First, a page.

Are GMOs Safe? The Case of BT Corn
So much of the information about genetically modified crops is wrong—on both sides of the debate. What does the best available evidence have to say about the …
"Are GMOs Safe? The Case of BT Corn"
Recently the prominent science journal,
Nature, editorialized that we are now
swimming in information about
genetically modified crops,
but that much of that information is
wrong — on both sides of the debate.
But a lot of this incorrect
information is sophisticated,
backed by legitimate-sounding research
and written with certitude,
quipping that with GMOs a good
gauge of a statement’s fallacy
is the conviction with
which it is delivered.
To many in the scientific community,
GMO concerns are dismissed
as one big conspiracy theory.
In fact one item in a psychological
test of belief in conspiracy theories
asked people if they believed food
companies would have the audacity
of being dishonest about
genetically modified food.
The study concluded that many people were cynical
and skeptical with regard to advertising tricks,
as well as the tactics of organizations like
banks and alcohol, drug and tobacco companies.
That doesn’t sound like conspiracy theory;
that sounds like doing business.
Minorities are blamed for conspiracist
ideation for crackpot theories about AIDS,
but we must remember there is a
long legacy of scientific misconduct.
Throw in a multi-billion dollar
industry and one can imagine
how hard it is to get to the truth
of the matter about GMOs.
There are social, environmental,
economic, food security,
pro and con about GMOs,
but those are outside
my area of expertise.
So I’m going to stick to food
safety, and as a physician
I’m a rather limited veterinarian in that
I only know one species, human beings,
so will skip the lab animal data, which
may inform what to feed one’s pet rat,
but not necessarily what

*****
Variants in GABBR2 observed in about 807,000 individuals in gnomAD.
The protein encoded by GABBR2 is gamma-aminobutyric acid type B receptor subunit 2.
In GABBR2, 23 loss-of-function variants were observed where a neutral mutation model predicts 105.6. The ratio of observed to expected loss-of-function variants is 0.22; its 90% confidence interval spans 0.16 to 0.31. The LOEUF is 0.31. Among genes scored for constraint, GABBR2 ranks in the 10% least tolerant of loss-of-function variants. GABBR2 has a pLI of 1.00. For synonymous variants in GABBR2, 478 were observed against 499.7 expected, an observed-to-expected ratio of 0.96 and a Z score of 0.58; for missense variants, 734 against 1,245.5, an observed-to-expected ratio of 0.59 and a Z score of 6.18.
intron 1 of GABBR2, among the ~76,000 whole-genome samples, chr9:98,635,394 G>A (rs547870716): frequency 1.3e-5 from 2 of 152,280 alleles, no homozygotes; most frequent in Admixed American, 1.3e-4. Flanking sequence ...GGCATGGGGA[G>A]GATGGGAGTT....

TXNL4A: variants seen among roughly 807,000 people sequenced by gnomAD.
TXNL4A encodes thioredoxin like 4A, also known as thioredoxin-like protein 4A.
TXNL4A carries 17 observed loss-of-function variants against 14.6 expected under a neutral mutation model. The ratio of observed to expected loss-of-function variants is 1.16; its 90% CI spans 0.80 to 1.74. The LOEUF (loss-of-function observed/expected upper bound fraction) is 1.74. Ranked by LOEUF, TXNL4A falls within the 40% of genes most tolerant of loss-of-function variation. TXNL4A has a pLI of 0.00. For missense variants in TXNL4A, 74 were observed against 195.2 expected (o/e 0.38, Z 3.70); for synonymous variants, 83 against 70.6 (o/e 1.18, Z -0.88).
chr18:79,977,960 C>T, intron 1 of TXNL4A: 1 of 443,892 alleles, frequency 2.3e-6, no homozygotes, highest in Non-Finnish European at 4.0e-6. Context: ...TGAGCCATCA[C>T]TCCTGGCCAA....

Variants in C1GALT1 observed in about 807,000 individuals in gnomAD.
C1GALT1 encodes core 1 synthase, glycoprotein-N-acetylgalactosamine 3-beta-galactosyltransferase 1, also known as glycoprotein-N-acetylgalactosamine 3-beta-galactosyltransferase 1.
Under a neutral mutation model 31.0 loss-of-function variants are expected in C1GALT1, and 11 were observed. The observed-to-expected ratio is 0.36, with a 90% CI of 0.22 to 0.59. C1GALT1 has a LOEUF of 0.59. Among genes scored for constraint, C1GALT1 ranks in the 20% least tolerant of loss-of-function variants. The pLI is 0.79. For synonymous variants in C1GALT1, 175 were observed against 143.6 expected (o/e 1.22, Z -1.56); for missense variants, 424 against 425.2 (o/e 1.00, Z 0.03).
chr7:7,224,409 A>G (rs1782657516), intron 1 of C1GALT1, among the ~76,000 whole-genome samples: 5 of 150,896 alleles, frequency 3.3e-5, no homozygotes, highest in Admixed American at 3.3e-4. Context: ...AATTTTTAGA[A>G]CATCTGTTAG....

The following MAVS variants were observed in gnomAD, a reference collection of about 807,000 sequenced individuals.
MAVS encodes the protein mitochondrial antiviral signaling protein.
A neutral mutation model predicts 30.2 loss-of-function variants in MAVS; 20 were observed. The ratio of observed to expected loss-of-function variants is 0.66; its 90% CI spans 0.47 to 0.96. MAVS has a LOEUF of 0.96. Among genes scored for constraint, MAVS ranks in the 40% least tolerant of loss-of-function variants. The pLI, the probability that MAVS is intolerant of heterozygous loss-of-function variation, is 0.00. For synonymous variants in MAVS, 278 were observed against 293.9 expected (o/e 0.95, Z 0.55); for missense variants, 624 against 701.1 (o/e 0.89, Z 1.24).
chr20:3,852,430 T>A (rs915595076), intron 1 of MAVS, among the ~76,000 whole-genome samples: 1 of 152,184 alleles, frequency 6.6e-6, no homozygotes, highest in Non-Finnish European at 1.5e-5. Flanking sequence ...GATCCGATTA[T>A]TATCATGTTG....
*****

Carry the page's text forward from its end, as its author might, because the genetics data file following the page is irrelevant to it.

to feed one’s family.
What human data do we
have about GMO safety?
This study was purported to confirm DNA
from genetically modified crops
can be transferred into
humans who eat them,
but that’s not what the study found,
just that plant DNA in general may be found
in the human bloodstream
with no stipulations of harm.
This study, however, did find
a GMO crop protein in people,
detected in 93% of blood samples of pregnant
women, 80% of umbilical cord blood,
and 69% of samples from nonpregnant women.
The toxin they’re talking about is an
insecticidal protein produced by BT bacteria
whose gene was inserted into the
corn’s DNA to create so-called BT-corn,
which has been incorporated
into animal feed.
If it’s mainly in animal feed,
how did it get into the women?
They suggested it may be through
exposure to contaminated meat.
Of course, why get GMO’s second-hand
when you can get them directly?
The next great frontier
is transgenic farm animals.
A genetically modified salmon was first
to vie for a spot at the dinner table.
And then in 2010, transgenic cows,
sheep, goats and pigs were created,
genetically modified for
increased muscle mass.
Frankenfurters, one might say, based
off the so-called mighty mouse model.
But back to children of
the corn and their mothers,
when they say it’s a toxin, it’s a toxin
to corn worms, not necessarily to people.
In fact I couldn’t find any data
linking BT toxin to human harm,
which is a good thing since it’s
considered one of the few pesticides
considered so nontoxic it is sprayed
on organic fruits and vegetables.